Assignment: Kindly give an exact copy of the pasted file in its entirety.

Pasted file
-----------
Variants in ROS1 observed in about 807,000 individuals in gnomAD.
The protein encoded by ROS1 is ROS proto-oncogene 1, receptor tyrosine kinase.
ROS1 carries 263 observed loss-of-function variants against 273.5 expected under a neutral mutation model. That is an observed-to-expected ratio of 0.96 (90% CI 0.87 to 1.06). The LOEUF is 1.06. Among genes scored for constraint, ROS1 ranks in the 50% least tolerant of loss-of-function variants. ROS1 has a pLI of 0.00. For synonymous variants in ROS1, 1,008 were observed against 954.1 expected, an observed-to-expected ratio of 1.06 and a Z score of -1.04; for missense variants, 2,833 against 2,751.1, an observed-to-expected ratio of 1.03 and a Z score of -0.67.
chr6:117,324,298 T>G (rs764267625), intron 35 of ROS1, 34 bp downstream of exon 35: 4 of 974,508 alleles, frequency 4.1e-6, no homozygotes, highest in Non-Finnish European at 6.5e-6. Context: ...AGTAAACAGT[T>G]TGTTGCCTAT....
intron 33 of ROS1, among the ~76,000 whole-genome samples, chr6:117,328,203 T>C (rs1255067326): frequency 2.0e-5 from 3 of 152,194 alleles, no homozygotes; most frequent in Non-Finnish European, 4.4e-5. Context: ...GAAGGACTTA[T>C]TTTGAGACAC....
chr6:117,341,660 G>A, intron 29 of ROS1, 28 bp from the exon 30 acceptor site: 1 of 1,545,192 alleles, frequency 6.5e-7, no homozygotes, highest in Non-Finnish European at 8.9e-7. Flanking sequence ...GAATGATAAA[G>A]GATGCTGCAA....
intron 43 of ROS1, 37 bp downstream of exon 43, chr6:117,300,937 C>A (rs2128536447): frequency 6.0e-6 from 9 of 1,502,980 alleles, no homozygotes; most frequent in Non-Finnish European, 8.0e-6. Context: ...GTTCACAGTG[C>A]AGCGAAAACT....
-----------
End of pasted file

Variants in ROS1 observed in about 807,000 individuals in gnomAD.
The protein encoded by ROS1 is ROS proto-oncogene 1, receptor tyrosine kinase.
ROS1 carries 263 observed loss-of-function variants against 273.5 expected under a neutral mutation model. That is an observed-to-expected ratio of 0.96 (90% CI 0.87 to 1.06). The LOEUF is 1.06. Among genes scored for constraint, ROS1 ranks in the 50% least tolerant of loss-of-function variants. ROS1 has a pLI of 0.00. For synonymous variants in ROS1, 1,008 were observed against 954.1 expected, an observed-to-expected ratio of 1.06 and a Z score of -1.04; for missense variants, 2,833 against 2,751.1, an observed-to-expected ratio of 1.03 and a Z score of -0.67.
chr6:117,324,298 T>G (rs764267625), intron 35 of ROS1, 34 bp downstream of exon 35: 4 of 974,508 alleles, frequency 4.1e-6, no homozygotes, highest in Non-Finnish European at 6.5e-6. Context: ...AGTAAACAGT[T>G]TGTTGCCTAT....
intron 33 of ROS1, among the ~76,000 whole-genome samples, chr6:117,328,203 T>C (rs1255067326): frequency 2.0e-5 from 3 of 152,194 alleles, no homozygotes; most frequent in Non-Finnish European, 4.4e-5. Context: ...GAAGGACTTA[T>C]TTTGAGACAC....
chr6:117,341,660 G>A, intron 29 of ROS1, 28 bp from the exon 30 acceptor site: 1 of 1,545,192 alleles, frequency 6.5e-7, no homozygotes, highest in Non-Finnish European at 8.9e-7. Flanking sequence ...GAATGATAAA[G>A]GATGCTGCAA....
intron 43 of ROS1, 37 bp downstream of exon 43, chr6:117,300,937 C>A (rs2128536447): frequency 6.0e-6 from 9 of 1,502,980 alleles, no homozygotes; most frequent in Non-Finnish European, 8.0e-6. Context: ...GTTCACAGTG[C>A]AGCGAAAACT....